Here’s another howler:

Consider that at the societal level, murder rates are far lower in secularized nations such as Japan or Sweden than they are in the much more religious United States, which also has a much greater portion of its population in prison. Even within this country, those states with the highest levels of church attendance, such as Louisiana and Mississippi, have significantly higher murder rates than far less religious states such as Vermont and Oregon. [1]

That this passed the WP‘s editorial board is a small wonder, given its political persuasions.  Perhaps it is true that low rates of crime are correlated with irreligiosity, but is there anything else whatsoever that might explain the difference here?  What else besides irreligiosity is shared in common between Sweden, Japan, and US states like Vermont and Oregon, but not Mississippi or Louisiana?  Is the problem here that the United States is mired in religious ignorance, or is it that the US is religiously, ethnically, and culturally diverse, and that it has a history vis-a-vis one of its minorities – a minority that is disproportionately represented among the inmates of the US prison system – the consequences of which are still playing out today?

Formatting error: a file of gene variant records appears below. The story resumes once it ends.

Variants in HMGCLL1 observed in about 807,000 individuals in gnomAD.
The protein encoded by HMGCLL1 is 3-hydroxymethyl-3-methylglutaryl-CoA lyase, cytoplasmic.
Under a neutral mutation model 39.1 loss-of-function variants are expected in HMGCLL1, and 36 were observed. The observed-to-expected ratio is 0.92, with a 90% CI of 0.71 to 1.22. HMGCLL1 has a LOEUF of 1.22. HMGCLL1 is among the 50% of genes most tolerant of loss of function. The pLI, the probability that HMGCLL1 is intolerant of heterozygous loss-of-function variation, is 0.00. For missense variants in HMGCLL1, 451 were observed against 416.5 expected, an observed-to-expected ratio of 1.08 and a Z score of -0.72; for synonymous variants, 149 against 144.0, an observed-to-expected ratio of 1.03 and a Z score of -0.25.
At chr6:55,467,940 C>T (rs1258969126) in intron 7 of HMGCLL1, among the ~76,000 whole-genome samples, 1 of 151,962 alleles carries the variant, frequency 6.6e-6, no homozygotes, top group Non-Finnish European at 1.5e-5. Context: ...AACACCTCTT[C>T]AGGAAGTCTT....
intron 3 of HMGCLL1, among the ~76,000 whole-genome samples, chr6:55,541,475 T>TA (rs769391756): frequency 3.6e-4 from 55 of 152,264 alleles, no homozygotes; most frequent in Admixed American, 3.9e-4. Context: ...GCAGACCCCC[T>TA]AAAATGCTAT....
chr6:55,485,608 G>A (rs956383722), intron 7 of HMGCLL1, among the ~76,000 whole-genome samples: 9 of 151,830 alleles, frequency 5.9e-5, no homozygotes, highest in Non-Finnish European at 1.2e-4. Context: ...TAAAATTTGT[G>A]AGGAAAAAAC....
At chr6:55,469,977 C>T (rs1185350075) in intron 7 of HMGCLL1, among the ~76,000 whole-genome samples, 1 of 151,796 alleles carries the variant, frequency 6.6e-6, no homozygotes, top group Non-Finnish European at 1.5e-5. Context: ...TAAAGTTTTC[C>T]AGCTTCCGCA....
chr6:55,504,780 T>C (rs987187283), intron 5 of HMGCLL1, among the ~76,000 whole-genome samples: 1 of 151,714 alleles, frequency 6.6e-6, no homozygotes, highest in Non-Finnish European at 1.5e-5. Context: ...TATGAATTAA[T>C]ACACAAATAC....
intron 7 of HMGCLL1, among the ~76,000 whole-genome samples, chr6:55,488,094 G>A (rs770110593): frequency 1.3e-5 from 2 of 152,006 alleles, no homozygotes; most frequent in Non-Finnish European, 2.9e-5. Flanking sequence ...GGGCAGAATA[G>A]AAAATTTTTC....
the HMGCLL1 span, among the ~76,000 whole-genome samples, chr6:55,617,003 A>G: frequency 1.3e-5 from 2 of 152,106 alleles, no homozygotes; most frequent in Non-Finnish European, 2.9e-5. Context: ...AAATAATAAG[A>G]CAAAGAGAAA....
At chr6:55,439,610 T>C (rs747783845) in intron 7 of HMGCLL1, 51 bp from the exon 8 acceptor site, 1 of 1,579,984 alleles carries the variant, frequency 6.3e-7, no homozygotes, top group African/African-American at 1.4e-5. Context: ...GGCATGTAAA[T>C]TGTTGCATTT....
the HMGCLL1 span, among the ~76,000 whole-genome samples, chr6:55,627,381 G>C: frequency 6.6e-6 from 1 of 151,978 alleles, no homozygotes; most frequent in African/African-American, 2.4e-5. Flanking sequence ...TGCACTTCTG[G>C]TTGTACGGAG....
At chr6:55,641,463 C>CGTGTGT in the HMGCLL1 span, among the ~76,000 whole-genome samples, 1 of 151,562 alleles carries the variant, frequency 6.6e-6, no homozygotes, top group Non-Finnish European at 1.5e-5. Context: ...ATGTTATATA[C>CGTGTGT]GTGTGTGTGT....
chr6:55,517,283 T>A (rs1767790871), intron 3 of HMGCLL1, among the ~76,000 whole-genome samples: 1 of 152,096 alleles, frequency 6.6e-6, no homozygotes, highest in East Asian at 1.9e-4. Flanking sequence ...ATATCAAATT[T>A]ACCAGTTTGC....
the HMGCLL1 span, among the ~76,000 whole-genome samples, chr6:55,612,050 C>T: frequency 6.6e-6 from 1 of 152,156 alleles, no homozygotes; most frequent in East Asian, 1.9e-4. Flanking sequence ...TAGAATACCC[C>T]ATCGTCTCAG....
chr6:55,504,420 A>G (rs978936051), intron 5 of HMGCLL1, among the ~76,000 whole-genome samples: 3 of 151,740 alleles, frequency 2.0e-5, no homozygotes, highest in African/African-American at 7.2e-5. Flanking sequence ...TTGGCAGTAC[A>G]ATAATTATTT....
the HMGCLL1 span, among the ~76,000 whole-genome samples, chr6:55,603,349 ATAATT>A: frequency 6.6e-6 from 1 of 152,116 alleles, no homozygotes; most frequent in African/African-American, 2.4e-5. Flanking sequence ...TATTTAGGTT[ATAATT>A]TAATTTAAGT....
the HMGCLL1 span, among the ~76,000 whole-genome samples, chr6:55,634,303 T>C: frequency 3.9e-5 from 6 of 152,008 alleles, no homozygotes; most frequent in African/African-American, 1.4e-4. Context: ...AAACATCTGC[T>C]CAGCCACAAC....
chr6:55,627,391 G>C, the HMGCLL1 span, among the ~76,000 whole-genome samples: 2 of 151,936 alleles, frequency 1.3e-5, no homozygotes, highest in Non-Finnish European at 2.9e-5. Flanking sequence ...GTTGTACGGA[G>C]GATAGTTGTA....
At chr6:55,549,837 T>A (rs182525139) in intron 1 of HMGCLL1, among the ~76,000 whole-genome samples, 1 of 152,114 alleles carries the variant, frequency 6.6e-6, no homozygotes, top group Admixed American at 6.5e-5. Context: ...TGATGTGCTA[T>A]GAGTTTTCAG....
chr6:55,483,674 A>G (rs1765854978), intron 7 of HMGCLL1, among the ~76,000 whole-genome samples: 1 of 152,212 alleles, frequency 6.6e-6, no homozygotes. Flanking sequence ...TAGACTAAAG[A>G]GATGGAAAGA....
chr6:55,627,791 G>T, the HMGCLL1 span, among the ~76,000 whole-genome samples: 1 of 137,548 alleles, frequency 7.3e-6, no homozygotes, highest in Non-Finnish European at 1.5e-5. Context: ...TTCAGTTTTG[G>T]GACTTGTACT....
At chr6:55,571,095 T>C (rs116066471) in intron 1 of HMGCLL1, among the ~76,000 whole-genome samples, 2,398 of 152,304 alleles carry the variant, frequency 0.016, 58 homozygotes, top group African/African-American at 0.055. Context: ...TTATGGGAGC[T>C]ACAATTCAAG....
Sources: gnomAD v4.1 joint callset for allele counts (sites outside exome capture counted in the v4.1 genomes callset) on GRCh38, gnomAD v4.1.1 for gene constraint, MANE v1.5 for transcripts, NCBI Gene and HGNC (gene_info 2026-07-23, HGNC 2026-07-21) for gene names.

While many studies show that secular Americans don’t fare as well as the religious when it comes to certain indicators of mental health or subjective well-being, new scholarship is showing that the relationships among atheism, theism, and mental health and well-being are complex…  [S]tudies of apostates — people who were religious but later rejected their religion — report feeling happier, better and liberated in their post-religious lives.

Of course they do, but this fact proves nothing – if they had not been unhappy in the faith, why in the world would they have abandoned it?  The answer, of course, is that they wouldn’t have.  Similarly, I have known people who were functionally irreligious and then found their way to God and reported (and exhibited, from what I could see) improved mental well-being.  All this demonstrates is the old maxim “different strokes for different folks” – not that being an atheist will make anyone in particular happier.

Non-theism isn’t all balloons and ice cream. Some studies suggest that suicide rates are higher among the non-religious.

Wonderful, that infantile imagery, isn’t it?  But here is the question: why should one be an atheist at all?  Is it because it brings you particular life benefits (as does exercise), or is it because it’s the truth?